Recent progress in satellite remote-sensing techniques for precipitation estimation, along with more accurate tropical rainfall measurements from the Tropical Rainfall Measuring Mission (TRMM) Microwave Imager (TMI) and precipitation radar (PR) instruments, have made it possible to monitor tropical rainfall diurnal patterns and their intensities from satellite information. One year (August 1998-July 1999) of tropical rainfall estimates from the Precipitation Estimation from Remotely Sensed Information using Artificial Neural Networks (PERSIANN) systems were used to produce monthly means of rainfall diurnal cycles at hourly and 1° × 1° scales over a domain (30°S-30°N, 80°E-10°W) from the Americas across the Pacific Ocean to Australia and eastern Asia. The results demonstrate pronounced diurnal variability of tropical rainfall intensity at synoptic and regional scales. Seasonal signals of diurnal rainfall are presented over the large domain of the tropical Pacific Ocean, especially over the ITCZ and South Pacific convergence zone (SPCZ) and neighboring continents. The regional patterns of tropical rainfall diurnal cycles are specified in the Amazon, Mexico, the Caribbean Sea, Calcutta, Bay of Bengal, Malaysia, and northern Australia. Limited validations for the results include comparisons of 1) the PERSIANN-derived diurnal cycle of rainfall at Rondonia, Brazil, with that derived from the Tropical Ocean Global Atmosphere Coupled Ocean-Atmosphere Response Experiment (TOGA COARE) radar data; 2) the PERSIANN diurnal cycle of rainfall over the western Pacific Ocean with that derived from the data of the optical rain gauges mounted on the TOGA-moored buoys: and 3) the monthly accumulations of rainfall samples from the orbital TMI and PR surface rainfall with the accumulations of concurrent PERSIANN estimates. These comparisons indicate that the PERSIANN-derived diurnal patterns at the selected resolutions produce estimates that are similar in magnitude and phase.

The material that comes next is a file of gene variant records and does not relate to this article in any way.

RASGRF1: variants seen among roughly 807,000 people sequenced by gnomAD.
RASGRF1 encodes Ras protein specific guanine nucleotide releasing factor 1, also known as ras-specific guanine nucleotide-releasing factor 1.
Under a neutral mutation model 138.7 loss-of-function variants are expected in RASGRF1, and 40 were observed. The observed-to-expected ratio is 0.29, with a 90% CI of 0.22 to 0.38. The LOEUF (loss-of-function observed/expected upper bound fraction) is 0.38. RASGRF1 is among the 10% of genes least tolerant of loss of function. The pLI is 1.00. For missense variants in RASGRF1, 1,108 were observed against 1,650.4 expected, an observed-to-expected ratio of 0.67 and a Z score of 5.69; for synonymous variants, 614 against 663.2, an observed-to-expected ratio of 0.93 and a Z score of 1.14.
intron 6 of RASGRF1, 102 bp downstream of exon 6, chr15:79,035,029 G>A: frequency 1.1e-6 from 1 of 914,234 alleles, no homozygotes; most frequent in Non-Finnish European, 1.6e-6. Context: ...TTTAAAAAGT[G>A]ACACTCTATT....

|Original language||English (US)|
|Number of pages||19|
|Journal||Journal of Climate|
|State||Published - May 1 2002|
ASJC Scopus subject areas
- Atmospheric Science